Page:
Robert Anderson (Pepperdine), The GRE Movement in U.S. Law Schools:
The latest reporting over at TaxProf indicates that the number of law schools accepting the GRE has grown to 34. The movement toward the GRE has been somewhat slow, in part because the ABA has dragged its feet in allowing wholesale use of the test under Standard 503. As it stands, the ABA position is that each law school needs to conduct its own study of the validity and reliability of the GRE before using the test for admission.
That position doesn't make any sense. The GRE's reliability is well established and is not specific to where it's used (law school versus other graduate school). The validity of the GRE for predicting law school performance is clear and has been demonstrated in every law school study publicly available to date. I have personally analyzed data related to the validity of the GRE for law school admission. There is overwhelming evidence that it is as good a predictor as the LSAT for law school performance.
This means that eventually substantially all law schools will eventually accept the GRE, either because the ABA will eventually act and revise standard 503 or because those schools will conduct individualized studies or go ahead without them. Indeed, any law schools that haven't started this process are already behind the curve. That will be a liability in future law student recruiting, as other schools will have an advantage as test takers begin realizing they have alternatives for admission to law school. ...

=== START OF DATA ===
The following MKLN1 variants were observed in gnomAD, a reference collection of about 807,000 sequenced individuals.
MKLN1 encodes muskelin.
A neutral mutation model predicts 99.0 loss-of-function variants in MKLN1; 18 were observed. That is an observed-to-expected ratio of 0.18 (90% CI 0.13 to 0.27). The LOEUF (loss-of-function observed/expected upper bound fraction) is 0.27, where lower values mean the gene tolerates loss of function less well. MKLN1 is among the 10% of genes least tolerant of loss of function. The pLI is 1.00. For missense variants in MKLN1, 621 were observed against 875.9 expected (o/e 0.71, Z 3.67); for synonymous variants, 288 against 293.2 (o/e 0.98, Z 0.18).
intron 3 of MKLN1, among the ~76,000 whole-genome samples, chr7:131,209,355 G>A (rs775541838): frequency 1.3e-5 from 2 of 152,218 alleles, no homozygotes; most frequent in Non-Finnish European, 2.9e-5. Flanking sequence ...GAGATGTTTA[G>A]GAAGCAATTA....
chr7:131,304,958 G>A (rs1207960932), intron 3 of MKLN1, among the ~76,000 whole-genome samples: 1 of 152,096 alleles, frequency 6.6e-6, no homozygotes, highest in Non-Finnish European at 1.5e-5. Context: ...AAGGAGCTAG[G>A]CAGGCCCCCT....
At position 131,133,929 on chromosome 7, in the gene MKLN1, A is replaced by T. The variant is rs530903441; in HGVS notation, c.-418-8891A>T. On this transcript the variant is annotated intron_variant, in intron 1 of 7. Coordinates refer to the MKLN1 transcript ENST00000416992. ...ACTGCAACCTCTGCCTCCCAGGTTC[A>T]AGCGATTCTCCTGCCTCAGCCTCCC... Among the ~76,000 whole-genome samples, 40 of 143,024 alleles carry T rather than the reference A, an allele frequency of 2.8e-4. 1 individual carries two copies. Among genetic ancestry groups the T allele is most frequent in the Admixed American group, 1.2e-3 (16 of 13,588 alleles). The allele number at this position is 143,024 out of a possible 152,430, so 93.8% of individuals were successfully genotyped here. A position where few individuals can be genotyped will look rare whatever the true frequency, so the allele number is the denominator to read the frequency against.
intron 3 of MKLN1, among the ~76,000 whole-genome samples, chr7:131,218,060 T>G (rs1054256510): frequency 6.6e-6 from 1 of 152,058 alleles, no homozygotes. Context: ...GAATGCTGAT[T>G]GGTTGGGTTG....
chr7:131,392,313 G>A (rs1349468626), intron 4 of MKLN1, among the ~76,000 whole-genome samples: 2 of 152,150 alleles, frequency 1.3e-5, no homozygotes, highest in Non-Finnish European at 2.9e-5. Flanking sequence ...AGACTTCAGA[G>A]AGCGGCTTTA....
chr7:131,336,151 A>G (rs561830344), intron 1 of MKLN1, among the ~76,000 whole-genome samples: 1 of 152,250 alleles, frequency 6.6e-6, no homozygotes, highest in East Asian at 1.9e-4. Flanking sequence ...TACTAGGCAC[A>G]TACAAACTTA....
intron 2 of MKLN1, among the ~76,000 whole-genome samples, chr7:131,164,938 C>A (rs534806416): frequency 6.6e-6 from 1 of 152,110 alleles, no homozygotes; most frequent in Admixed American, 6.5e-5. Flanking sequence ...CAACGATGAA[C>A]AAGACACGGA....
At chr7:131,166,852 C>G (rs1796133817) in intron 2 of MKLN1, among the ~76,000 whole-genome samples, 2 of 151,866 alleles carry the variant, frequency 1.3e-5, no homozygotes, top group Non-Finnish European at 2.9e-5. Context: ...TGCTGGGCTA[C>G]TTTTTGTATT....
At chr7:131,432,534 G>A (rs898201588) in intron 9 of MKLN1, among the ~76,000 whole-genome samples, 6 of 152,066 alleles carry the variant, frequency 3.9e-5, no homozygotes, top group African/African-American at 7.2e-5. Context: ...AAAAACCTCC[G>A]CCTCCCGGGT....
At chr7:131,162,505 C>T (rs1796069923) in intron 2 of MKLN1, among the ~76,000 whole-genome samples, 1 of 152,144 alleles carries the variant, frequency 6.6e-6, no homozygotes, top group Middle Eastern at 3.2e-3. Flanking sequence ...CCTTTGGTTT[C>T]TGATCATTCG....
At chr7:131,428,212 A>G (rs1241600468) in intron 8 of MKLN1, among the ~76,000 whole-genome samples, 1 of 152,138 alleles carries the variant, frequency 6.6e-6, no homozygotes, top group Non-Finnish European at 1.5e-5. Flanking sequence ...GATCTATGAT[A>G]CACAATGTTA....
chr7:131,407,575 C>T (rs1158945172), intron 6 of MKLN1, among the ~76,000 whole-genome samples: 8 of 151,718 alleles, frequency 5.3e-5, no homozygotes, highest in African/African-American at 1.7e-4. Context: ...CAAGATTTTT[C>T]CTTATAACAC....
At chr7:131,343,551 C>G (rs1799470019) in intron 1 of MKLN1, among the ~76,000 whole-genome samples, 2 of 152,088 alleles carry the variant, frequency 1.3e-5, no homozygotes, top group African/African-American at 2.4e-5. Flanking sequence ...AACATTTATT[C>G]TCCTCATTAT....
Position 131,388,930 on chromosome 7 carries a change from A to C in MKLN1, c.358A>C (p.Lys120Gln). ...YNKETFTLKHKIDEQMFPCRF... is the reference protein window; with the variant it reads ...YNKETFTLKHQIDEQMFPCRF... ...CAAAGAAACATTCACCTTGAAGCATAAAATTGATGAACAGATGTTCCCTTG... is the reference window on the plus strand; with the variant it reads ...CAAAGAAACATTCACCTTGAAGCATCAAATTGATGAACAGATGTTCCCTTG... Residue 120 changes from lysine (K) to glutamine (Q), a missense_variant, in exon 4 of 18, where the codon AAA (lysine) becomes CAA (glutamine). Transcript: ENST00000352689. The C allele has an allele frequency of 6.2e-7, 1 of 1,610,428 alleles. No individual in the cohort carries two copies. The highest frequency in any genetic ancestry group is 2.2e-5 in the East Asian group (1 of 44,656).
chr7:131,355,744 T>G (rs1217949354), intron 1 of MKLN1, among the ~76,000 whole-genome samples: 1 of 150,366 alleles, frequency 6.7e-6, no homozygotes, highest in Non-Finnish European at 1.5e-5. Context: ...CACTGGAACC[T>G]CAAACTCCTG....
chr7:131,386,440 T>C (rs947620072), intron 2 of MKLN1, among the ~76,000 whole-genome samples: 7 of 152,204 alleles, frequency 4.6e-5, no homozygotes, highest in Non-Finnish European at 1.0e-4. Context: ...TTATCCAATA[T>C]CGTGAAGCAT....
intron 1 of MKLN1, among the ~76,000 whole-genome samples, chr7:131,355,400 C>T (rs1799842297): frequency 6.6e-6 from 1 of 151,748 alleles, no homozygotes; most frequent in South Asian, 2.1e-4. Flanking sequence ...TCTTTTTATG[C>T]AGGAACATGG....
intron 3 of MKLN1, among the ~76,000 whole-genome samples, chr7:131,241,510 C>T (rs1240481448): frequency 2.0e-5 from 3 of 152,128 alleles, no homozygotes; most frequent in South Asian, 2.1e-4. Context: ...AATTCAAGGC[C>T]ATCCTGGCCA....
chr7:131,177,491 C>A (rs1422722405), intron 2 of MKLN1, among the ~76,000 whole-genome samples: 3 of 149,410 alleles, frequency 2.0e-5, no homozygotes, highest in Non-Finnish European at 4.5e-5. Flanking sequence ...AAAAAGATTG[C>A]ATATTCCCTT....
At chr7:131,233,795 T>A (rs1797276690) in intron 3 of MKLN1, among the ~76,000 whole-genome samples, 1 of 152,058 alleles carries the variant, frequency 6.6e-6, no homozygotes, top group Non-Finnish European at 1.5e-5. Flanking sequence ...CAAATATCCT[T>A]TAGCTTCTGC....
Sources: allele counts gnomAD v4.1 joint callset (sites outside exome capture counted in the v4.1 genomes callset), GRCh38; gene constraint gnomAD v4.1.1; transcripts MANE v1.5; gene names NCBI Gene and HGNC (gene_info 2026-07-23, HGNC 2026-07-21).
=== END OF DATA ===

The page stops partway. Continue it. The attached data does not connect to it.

[I]f your law school is making this change, that is a good thing for the value of your degree.
Update: Derek Muller (Pepperdine), The Tiny Impact (So Far) of GRE Law School Admissions:
Just 168 law students entered without an LSAT score, those among around 38,000 at ABA-accredited law schools (excluding three law schools in Puerto Rico). That’s up from 81 last year. ... Arizona, the leader in this field, had 18 students enter in the Fall 2018 without LSAT scores. Georgetown and Harvard also each had 18. ...
Without more granular data from the ABA, it’s hard to know how much the GRE trend is affecting law school admissions. At a high level so far, however, the impact is tiny. While many schools have now announced they’ll accept the GRE, that’s translated into extraordinarily few matriculants, less than one half of one percent, even assuming every single non-LSAT admission is a GRE admission (which, they aren’t). At Arizona, such admissions are a good chunk of the incoming class—10% to 15% of the incoming class. At Harvard and Georgetown, 2% to 3% of the class.
But as more schools announce, and more students perhaps opt into it, we’ll see if these trends change in the years to come. And the impact of graduates who use the GRE on the bar exam surely a future matter to consider.